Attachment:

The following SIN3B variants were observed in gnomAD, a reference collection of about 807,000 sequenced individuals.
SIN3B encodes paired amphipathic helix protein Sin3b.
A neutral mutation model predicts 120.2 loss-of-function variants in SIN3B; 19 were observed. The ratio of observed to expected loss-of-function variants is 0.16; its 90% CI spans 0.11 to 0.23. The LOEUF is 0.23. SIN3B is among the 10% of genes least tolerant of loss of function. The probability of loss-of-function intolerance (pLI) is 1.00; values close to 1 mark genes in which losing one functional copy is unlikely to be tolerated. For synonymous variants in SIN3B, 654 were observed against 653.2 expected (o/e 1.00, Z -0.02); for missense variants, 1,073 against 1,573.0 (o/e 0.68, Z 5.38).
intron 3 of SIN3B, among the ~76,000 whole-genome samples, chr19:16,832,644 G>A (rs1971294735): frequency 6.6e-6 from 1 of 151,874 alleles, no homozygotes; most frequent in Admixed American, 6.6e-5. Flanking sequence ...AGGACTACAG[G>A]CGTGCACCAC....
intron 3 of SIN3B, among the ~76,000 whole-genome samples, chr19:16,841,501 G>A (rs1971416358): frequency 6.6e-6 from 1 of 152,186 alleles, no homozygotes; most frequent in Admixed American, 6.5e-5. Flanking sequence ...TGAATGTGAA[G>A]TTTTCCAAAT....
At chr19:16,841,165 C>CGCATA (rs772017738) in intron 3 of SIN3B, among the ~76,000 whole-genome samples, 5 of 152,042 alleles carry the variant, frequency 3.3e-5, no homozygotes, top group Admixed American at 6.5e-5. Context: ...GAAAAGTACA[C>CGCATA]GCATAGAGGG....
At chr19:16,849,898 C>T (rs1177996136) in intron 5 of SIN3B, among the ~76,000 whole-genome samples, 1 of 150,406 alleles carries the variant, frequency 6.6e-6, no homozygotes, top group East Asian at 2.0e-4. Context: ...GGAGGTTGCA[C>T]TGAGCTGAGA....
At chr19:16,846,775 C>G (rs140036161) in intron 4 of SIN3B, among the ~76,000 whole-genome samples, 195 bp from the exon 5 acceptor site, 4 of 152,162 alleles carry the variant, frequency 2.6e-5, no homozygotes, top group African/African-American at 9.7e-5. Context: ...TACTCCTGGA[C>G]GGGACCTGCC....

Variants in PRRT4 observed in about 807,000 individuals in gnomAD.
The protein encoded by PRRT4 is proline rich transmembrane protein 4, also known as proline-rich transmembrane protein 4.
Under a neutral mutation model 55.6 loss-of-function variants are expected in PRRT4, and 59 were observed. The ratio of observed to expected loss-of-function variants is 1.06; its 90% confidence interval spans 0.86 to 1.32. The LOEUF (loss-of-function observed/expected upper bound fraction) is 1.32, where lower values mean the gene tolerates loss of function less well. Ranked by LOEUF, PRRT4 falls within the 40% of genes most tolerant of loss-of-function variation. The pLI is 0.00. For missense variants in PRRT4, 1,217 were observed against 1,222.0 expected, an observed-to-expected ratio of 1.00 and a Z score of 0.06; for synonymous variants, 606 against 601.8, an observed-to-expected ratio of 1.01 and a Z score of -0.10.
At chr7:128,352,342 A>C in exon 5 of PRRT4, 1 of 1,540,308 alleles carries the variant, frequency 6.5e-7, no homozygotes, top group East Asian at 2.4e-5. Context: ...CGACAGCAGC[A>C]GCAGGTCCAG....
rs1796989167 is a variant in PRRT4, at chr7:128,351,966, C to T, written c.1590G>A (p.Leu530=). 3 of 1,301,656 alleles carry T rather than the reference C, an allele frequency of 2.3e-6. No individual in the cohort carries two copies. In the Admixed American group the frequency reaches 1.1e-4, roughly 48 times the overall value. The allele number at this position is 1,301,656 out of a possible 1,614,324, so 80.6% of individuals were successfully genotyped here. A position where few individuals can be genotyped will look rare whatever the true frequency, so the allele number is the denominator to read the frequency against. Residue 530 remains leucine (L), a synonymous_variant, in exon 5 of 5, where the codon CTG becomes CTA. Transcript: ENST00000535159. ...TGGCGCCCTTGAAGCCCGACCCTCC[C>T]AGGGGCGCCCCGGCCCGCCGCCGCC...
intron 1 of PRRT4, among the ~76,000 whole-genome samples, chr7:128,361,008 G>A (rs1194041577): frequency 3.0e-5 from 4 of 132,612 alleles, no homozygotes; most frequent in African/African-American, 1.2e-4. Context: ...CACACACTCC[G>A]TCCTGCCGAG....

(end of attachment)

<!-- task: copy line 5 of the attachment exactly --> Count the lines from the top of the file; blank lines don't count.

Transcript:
intron 3 of SIN3B, among the ~76,000 whole-genome samples, chr19:16,841,501 G>A (rs1971416358): frequency 6.6e-6 from 1 of 152,186 alleles, no homozygotes; most frequent in Admixed American, 6.5e-5. Flanking sequence ...TGAATGTGAA[G>A]TTTTCCAAAT....